Post date: 
Thursday, 9 June 2016
Children playing tug of war

Sarah Holton, Children and Young People's Officer at RNIB, explores ways to create inclusive play time for children with vision impairment and their sighted friends.

Unstructured or informal times at school, such as breaks and lunch time, can present issues for a child with vision impairment (VI). Though they are often the times that school children look forward to most! So it’s important to try and create the natural social and play opportunities that break times can offer.

Adult support is a key factor. Getting the balance between essential support of a child to ensure safety and wellbeing, and standing back to make sure they can chat and play with their peers independently, needs careful thought.

Awareness and a can-do attitude among the class as a whole will help a lot.

A child with VI wants to play, chat and run around just like everyone else.

You might like to talk about safety, mobility and sighted-guiding.

RNIB has a video for young people about how to guide. It’s meant for young people of secondary or college age, but the principles of safely helping someone move around can’t be learnt too early!

Getting the space right

A good starting point would be to enable the pupil to explore the playground with a teacher or habilitation officer with no one else there. An environmental audit from a habilitation specialist would also be useful to identify any obstacles, edges or steps that could be highlighted and any hazards that could be changed or improved.

Remember that children with photophobia may benefit from wearing caps or glasses when they play outside.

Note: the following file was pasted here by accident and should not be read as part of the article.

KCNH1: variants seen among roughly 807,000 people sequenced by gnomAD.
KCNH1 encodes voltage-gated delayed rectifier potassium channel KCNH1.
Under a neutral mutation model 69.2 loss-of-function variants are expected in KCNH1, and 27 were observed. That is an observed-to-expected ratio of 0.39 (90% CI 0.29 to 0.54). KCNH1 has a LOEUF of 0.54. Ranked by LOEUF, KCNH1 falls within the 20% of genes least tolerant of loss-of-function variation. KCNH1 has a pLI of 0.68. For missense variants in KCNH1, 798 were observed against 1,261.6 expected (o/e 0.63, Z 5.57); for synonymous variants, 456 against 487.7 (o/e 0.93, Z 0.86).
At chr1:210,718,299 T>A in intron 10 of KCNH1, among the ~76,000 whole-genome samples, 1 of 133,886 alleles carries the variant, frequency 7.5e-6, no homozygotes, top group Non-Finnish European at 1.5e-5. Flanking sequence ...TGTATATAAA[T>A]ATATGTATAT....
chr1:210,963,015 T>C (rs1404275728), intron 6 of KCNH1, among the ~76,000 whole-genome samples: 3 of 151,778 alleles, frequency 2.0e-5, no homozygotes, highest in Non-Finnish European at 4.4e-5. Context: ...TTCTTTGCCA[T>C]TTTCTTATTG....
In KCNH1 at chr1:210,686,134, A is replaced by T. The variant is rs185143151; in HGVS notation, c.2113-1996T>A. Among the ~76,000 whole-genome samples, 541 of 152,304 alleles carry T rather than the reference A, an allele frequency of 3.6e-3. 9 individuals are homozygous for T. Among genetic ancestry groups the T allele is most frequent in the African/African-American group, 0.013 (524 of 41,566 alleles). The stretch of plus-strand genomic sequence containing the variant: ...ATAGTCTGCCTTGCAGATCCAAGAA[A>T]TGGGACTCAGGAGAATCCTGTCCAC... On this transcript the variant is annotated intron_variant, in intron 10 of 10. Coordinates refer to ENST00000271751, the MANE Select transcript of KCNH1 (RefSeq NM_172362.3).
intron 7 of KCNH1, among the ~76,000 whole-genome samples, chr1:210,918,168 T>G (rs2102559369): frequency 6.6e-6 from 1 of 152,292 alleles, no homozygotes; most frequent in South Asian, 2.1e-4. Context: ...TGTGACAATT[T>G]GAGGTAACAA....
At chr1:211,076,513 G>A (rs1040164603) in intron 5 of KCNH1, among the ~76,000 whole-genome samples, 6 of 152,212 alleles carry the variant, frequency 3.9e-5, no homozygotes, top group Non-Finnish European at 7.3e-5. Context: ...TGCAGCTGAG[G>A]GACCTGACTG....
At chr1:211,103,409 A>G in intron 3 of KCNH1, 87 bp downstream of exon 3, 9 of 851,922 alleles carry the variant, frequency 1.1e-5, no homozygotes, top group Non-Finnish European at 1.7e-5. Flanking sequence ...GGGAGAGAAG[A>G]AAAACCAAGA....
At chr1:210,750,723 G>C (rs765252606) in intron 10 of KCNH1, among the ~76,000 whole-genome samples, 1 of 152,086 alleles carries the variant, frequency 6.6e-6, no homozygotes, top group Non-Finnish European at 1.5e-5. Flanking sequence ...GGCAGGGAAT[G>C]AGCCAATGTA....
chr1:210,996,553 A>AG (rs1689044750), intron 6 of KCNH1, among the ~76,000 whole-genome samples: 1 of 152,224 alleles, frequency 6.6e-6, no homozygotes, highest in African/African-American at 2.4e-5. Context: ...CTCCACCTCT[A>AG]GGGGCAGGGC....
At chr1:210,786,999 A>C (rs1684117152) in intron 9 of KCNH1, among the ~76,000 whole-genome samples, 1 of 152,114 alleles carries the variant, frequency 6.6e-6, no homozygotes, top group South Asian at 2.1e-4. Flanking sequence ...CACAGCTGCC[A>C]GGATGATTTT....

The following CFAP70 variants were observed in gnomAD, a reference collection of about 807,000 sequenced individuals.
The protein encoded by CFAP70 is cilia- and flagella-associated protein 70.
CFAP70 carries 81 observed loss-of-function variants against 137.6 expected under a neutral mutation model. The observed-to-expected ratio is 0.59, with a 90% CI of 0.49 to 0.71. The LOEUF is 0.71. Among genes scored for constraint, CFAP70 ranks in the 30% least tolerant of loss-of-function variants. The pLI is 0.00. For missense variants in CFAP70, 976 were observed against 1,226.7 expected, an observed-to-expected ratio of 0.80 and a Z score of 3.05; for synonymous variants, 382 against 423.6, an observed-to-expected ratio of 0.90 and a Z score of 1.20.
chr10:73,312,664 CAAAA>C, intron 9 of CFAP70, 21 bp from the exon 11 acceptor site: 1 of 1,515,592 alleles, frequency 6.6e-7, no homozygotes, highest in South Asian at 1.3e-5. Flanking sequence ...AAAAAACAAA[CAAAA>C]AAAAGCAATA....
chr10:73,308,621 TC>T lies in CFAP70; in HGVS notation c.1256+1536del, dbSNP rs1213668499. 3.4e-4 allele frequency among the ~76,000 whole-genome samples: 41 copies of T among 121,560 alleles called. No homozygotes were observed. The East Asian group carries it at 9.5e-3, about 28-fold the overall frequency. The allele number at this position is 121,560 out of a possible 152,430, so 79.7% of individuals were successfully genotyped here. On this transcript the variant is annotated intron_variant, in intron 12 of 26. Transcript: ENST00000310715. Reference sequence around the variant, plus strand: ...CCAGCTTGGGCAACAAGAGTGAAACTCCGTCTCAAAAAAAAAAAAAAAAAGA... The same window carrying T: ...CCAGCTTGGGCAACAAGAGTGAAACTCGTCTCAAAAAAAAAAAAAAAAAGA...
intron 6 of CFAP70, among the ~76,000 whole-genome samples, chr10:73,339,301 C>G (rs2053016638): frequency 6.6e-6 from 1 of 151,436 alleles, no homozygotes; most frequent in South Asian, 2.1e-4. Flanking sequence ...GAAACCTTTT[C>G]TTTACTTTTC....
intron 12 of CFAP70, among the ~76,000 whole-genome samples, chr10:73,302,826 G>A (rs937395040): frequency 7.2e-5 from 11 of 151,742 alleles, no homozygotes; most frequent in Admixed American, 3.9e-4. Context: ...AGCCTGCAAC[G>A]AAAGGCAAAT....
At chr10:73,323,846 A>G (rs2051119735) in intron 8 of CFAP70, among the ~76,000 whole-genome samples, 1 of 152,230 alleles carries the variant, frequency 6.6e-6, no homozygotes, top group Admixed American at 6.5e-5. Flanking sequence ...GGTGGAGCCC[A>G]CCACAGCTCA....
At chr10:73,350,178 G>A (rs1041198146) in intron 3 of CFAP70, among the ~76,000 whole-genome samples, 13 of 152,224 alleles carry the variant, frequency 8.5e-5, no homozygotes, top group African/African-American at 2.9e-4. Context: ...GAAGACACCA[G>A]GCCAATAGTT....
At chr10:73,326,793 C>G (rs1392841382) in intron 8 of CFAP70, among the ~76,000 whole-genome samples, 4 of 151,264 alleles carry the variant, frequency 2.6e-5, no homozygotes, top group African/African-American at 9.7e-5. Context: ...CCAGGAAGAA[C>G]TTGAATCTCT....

A ‘buddy stop’ or ‘buddy bench’ where a child can go so other children know they’re looking for playmates can work well. It might be useful to do an additional induction if this was introduced, so sighted children know to introduce themselves if they go to play with a child who has vision impairment. You could also work on finding the buddy stop as an independent mobility target.

Can you create a place where a child with VI can safely run around?

Many hard-surface playgrounds or spaces with obstacles or clutter may not be suitable for encouraging this, but if there is a grassed area or school field, being able to run without fear of falling or bumping would be a great physical opportunity.

A designated safe area, perhaps with a table (like a picnic table with solid benches attached) can work well, so table-top games can be played. For example Connect 4 or draughts, where you can drill holes in one colour of pieces to tell them apart, or dominoes. Playground staff can set up a game for a small group, so friends can play together but with background adult supervision.

RNIB has other games in the Online Shop. Braille or large print bingo could also be a game a group of friends can play, as long as the child with VI had a bingo card in their reading format.

Toys and activities

  • Skipping ropes and hoops can be enjoyed by both sighted children and children with VI. They can either skip individually or the child with VI could hold the rope for a group skipping game.
  • Giant Jenga is tactile and often popular, as is Giant Connect 4 – again, adapt one set of pieces if necessary.
  • Talking tubes create opportunities for children to play together (visit the Essentials for Education website)
  • An audible ball might be a useful investment (visit the RNIB Online Shop)
  • Bowling can be set up if you adapt the skittles to be audible, so the child with VI receives a sound reward/cue when they’re knocked over. A simple way to do this is to make skittles out of large soft-drink bottles. You can fill the bottles with sand and use bells or something similar that will sound when they fall. Sighted children could help the child with VI know which direction to bowl and provide commentary.
  • A tandem trike is a good idea for a child who has VI to ride with a sighted friend. The trike could form part of a range of single-child trikes so all the children feel included.

Remember that playing is the staple developmental diet of any child – and just as important as everything else that happens at school.

With thanks to advice from Suzy McDonald, Habilitation Officer at Birmingham City Council.

Further information

Insight Online: archive